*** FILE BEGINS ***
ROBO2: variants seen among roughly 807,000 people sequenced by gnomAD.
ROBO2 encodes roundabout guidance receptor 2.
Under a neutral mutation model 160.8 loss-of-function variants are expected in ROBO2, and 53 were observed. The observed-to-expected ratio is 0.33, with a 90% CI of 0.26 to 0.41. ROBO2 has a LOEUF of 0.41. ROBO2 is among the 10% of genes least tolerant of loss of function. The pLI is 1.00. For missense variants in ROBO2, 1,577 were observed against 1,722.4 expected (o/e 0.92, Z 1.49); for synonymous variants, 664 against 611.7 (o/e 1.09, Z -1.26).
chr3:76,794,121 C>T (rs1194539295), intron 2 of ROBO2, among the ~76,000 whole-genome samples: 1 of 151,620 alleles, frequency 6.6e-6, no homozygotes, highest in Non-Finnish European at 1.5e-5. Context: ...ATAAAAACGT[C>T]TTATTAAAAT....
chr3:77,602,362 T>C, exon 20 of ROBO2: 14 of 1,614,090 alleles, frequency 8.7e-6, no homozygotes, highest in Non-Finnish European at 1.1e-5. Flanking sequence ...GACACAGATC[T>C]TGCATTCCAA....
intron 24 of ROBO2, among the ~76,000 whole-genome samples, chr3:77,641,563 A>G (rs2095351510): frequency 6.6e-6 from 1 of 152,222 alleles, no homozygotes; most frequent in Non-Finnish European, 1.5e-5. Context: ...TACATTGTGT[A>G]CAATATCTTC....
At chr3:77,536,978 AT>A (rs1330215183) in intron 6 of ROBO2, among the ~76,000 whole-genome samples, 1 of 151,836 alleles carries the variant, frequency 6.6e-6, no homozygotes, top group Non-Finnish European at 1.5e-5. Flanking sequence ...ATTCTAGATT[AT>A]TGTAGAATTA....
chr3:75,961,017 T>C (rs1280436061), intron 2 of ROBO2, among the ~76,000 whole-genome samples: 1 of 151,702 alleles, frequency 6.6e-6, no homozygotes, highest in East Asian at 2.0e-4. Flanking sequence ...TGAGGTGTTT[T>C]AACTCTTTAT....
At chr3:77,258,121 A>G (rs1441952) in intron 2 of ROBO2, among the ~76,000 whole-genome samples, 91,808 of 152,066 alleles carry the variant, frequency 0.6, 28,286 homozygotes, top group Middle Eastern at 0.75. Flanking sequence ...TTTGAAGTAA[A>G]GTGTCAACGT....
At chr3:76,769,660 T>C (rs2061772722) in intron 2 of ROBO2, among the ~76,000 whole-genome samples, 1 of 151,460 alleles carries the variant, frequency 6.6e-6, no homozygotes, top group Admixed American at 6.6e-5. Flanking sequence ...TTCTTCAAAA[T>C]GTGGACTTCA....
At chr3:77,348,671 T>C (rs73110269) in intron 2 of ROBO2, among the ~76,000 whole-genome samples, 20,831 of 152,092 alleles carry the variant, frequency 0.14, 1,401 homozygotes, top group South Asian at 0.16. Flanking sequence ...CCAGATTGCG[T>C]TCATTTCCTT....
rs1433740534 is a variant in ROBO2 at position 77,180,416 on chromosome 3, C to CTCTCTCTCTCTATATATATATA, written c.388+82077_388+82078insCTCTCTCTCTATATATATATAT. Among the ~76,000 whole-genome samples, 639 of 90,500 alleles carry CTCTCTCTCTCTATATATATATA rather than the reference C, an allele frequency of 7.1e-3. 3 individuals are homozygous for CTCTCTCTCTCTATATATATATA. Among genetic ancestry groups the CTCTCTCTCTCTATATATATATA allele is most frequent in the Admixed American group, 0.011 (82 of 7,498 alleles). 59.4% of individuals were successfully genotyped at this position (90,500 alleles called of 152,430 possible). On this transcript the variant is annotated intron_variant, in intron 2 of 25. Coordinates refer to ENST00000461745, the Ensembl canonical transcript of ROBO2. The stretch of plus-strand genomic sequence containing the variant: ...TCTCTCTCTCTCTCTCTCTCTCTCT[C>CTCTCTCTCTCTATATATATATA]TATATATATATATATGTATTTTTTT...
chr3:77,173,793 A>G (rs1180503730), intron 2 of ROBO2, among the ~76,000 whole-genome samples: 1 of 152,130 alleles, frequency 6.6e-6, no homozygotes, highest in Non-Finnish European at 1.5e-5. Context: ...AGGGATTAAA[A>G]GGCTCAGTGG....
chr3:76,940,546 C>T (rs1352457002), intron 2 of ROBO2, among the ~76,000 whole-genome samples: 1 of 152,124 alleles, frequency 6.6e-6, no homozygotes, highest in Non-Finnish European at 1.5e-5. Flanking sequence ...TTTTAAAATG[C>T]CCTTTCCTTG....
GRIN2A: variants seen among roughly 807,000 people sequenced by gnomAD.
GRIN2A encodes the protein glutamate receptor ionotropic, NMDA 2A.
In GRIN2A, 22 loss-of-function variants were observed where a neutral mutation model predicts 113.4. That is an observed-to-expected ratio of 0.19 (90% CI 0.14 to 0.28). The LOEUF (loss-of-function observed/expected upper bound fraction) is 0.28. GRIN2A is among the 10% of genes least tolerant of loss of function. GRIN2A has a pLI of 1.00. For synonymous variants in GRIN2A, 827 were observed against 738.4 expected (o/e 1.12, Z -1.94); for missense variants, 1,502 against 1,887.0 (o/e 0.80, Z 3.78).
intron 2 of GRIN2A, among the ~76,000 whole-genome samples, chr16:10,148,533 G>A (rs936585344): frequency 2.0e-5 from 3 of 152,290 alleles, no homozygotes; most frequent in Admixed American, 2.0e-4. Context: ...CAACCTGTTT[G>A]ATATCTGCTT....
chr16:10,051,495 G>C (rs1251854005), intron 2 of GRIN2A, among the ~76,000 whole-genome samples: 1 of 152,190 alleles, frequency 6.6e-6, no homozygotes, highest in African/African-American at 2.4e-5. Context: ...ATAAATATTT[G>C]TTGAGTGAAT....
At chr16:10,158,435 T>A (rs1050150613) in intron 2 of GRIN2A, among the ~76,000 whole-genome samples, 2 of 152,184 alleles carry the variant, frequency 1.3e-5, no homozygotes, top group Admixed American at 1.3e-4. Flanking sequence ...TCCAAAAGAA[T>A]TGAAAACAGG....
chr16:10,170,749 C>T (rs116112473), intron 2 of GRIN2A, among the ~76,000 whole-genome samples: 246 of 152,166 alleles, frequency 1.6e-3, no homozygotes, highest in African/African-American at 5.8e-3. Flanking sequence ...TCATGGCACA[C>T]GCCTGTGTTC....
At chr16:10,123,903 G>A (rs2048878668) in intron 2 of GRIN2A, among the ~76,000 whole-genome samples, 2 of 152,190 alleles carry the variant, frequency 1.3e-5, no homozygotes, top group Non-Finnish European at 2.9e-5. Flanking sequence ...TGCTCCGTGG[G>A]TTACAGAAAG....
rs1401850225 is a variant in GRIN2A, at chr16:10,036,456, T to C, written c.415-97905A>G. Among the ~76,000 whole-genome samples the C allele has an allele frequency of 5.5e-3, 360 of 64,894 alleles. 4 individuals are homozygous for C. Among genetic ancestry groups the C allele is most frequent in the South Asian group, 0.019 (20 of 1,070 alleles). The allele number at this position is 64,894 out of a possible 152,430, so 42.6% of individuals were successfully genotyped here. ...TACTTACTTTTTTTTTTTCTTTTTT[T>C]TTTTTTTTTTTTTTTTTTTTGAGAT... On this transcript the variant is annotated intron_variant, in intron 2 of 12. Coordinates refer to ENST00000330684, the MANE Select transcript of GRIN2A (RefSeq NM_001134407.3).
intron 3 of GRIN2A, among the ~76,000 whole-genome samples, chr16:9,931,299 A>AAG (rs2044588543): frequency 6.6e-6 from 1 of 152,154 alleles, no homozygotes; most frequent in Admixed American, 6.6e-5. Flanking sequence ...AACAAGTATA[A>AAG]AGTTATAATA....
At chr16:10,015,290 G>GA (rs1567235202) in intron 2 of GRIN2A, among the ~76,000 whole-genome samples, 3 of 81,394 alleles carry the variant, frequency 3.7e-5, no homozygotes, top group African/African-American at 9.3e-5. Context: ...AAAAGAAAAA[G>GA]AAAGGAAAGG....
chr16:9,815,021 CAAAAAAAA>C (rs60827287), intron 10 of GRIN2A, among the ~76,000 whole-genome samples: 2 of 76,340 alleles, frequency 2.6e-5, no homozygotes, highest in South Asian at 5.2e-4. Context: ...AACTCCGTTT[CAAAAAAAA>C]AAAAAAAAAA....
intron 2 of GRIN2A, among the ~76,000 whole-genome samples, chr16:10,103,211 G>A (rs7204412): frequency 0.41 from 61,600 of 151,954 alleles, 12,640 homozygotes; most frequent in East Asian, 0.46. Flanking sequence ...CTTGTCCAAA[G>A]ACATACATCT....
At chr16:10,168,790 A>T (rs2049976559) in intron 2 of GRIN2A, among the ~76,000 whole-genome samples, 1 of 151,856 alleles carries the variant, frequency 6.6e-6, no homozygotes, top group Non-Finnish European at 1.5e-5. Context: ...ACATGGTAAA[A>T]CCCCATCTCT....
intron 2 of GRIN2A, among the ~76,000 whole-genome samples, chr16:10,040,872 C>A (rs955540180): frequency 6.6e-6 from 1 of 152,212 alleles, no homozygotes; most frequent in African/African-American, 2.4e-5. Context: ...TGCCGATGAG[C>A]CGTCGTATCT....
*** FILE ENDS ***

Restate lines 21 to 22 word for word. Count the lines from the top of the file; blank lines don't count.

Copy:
chr16:10,170,749 C>T (rs116112473), intron 2 of GRIN2A, among the ~76,000 whole-genome samples: 246 of 152,166 alleles, frequency 1.6e-3, no homozygotes, highest in African/African-American at 5.8e-3. Flanking sequence ...TCATGGCACA[C>T]GCCTGTGTTC....
At chr16:10,123,903 G>A (rs2048878668) in intron 2 of GRIN2A, among the ~76,000 whole-genome samples, 2 of 152,190 alleles carry the variant, frequency 1.3e-5, no homozygotes, top group Non-Finnish European at 2.9e-5. Flanking sequence ...TGCTCCGTGG[G>A]TTACAGAAAG....